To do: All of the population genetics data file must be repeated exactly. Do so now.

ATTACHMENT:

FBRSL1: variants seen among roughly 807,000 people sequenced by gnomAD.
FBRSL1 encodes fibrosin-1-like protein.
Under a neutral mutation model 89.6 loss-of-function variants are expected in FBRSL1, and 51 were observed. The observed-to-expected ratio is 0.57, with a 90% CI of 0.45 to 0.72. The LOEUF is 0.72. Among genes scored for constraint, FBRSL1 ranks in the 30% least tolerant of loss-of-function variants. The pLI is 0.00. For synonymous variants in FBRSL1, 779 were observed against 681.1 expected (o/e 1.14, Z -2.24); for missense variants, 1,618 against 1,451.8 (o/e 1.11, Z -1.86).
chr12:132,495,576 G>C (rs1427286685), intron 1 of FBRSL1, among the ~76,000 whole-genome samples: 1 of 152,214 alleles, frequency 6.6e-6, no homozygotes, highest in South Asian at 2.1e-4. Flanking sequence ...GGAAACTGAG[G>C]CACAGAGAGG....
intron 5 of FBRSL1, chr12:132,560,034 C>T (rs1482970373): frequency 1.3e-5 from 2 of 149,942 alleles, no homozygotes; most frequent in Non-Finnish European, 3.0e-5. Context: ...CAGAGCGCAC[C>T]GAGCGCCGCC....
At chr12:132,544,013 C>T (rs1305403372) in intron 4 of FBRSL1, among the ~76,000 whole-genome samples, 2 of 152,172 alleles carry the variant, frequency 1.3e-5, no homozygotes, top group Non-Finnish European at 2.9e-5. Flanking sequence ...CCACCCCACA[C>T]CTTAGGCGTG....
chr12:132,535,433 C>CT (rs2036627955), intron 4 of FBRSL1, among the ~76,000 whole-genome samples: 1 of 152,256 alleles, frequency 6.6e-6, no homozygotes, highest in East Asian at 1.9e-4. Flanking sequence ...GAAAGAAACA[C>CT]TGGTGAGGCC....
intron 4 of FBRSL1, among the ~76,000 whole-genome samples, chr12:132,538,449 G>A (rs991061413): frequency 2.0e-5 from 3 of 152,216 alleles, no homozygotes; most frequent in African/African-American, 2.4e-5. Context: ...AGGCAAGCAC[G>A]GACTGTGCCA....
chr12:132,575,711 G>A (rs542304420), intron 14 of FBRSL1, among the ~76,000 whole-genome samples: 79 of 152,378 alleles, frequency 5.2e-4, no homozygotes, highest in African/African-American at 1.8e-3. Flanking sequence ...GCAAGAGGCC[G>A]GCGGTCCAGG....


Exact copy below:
FBRSL1: variants seen among roughly 807,000 people sequenced by gnomAD.
FBRSL1 encodes fibrosin-1-like protein.
Under a neutral mutation model 89.6 loss-of-function variants are expected in FBRSL1, and 51 were observed. The observed-to-expected ratio is 0.57, with a 90% CI of 0.45 to 0.72. The LOEUF is 0.72. Among genes scored for constraint, FBRSL1 ranks in the 30% least tolerant of loss-of-function variants. The pLI is 0.00. For synonymous variants in FBRSL1, 779 were observed against 681.1 expected (o/e 1.14, Z -2.24); for missense variants, 1,618 against 1,451.8 (o/e 1.11, Z -1.86).
chr12:132,495,576 G>C (rs1427286685), intron 1 of FBRSL1, among the ~76,000 whole-genome samples: 1 of 152,214 alleles, frequency 6.6e-6, no homozygotes, highest in South Asian at 2.1e-4. Flanking sequence ...GGAAACTGAG[G>C]CACAGAGAGG....
intron 5 of FBRSL1, chr12:132,560,034 C>T (rs1482970373): frequency 1.3e-5 from 2 of 149,942 alleles, no homozygotes; most frequent in Non-Finnish European, 3.0e-5. Context: ...CAGAGCGCAC[C>T]GAGCGCCGCC....
At chr12:132,544,013 C>T (rs1305403372) in intron 4 of FBRSL1, among the ~76,000 whole-genome samples, 2 of 152,172 alleles carry the variant, frequency 1.3e-5, no homozygotes, top group Non-Finnish European at 2.9e-5. Flanking sequence ...CCACCCCACA[C>T]CTTAGGCGTG....
chr12:132,535,433 C>CT (rs2036627955), intron 4 of FBRSL1, among the ~76,000 whole-genome samples: 1 of 152,256 alleles, frequency 6.6e-6, no homozygotes, highest in East Asian at 1.9e-4. Flanking sequence ...GAAAGAAACA[C>CT]TGGTGAGGCC....
intron 4 of FBRSL1, among the ~76,000 whole-genome samples, chr12:132,538,449 G>A (rs991061413): frequency 2.0e-5 from 3 of 152,216 alleles, no homozygotes; most frequent in African/African-American, 2.4e-5. Context: ...AGGCAAGCAC[G>A]GACTGTGCCA....
chr12:132,575,711 G>A (rs542304420), intron 14 of FBRSL1, among the ~76,000 whole-genome samples: 79 of 152,378 alleles, frequency 5.2e-4, no homozygotes, highest in African/African-American at 1.8e-3. Flanking sequence ...GCAAGAGGCC[G>A]GCGGTCCAGG....